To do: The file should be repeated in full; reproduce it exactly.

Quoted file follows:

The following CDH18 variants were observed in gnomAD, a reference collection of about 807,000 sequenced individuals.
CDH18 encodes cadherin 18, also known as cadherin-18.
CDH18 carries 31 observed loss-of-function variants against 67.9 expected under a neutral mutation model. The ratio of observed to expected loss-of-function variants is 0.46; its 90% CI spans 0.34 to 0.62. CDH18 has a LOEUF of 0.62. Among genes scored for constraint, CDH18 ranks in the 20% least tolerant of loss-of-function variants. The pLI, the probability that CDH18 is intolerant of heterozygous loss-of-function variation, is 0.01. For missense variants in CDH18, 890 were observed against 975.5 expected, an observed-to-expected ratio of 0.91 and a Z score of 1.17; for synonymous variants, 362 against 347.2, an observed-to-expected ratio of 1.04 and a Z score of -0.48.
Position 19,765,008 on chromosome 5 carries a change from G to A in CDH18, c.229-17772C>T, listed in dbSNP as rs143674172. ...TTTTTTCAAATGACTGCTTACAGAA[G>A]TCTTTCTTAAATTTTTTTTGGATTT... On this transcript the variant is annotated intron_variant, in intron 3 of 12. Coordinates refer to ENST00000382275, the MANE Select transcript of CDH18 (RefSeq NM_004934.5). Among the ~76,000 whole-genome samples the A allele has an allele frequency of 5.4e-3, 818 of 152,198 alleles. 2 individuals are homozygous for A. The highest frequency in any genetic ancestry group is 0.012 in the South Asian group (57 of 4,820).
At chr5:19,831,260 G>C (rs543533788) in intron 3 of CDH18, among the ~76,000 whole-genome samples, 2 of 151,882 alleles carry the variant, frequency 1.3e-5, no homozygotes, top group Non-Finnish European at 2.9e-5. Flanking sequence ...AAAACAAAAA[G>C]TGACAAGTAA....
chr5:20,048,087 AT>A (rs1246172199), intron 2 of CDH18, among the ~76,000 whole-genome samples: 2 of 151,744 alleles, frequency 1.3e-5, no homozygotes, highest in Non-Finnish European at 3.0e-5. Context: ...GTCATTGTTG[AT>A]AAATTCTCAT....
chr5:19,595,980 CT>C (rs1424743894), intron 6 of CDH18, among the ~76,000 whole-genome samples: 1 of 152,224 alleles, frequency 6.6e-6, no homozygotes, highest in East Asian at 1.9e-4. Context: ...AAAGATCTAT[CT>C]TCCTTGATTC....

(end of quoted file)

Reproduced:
The following CDH18 variants were observed in gnomAD, a reference collection of about 807,000 sequenced individuals.
CDH18 encodes cadherin 18, also known as cadherin-18.
CDH18 carries 31 observed loss-of-function variants against 67.9 expected under a neutral mutation model. The ratio of observed to expected loss-of-function variants is 0.46; its 90% CI spans 0.34 to 0.62. CDH18 has a LOEUF of 0.62. Among genes scored for constraint, CDH18 ranks in the 20% least tolerant of loss-of-function variants. The pLI, the probability that CDH18 is intolerant of heterozygous loss-of-function variation, is 0.01. For missense variants in CDH18, 890 were observed against 975.5 expected, an observed-to-expected ratio of 0.91 and a Z score of 1.17; for synonymous variants, 362 against 347.2, an observed-to-expected ratio of 1.04 and a Z score of -0.48.
Position 19,765,008 on chromosome 5 carries a change from G to A in CDH18, c.229-17772C>T, listed in dbSNP as rs143674172. ...TTTTTTCAAATGACTGCTTACAGAA[G>A]TCTTTCTTAAATTTTTTTTGGATTT... On this transcript the variant is annotated intron_variant, in intron 3 of 12. Coordinates refer to ENST00000382275, the MANE Select transcript of CDH18 (RefSeq NM_004934.5). Among the ~76,000 whole-genome samples the A allele has an allele frequency of 5.4e-3, 818 of 152,198 alleles. 2 individuals are homozygous for A. The highest frequency in any genetic ancestry group is 0.012 in the South Asian group (57 of 4,820).
At chr5:19,831,260 G>C (rs543533788) in intron 3 of CDH18, among the ~76,000 whole-genome samples, 2 of 151,882 alleles carry the variant, frequency 1.3e-5, no homozygotes, top group Non-Finnish European at 2.9e-5. Flanking sequence ...AAAACAAAAA[G>C]TGACAAGTAA....
chr5:20,048,087 AT>A (rs1246172199), intron 2 of CDH18, among the ~76,000 whole-genome samples: 2 of 151,744 alleles, frequency 1.3e-5, no homozygotes, highest in Non-Finnish European at 3.0e-5. Context: ...GTCATTGTTG[AT>A]AAATTCTCAT....
chr5:19,595,980 CT>C (rs1424743894), intron 6 of CDH18, among the ~76,000 whole-genome samples: 1 of 152,224 alleles, frequency 6.6e-6, no homozygotes, highest in East Asian at 1.9e-4. Context: ...AAAGATCTAT[CT>C]TCCTTGATTC....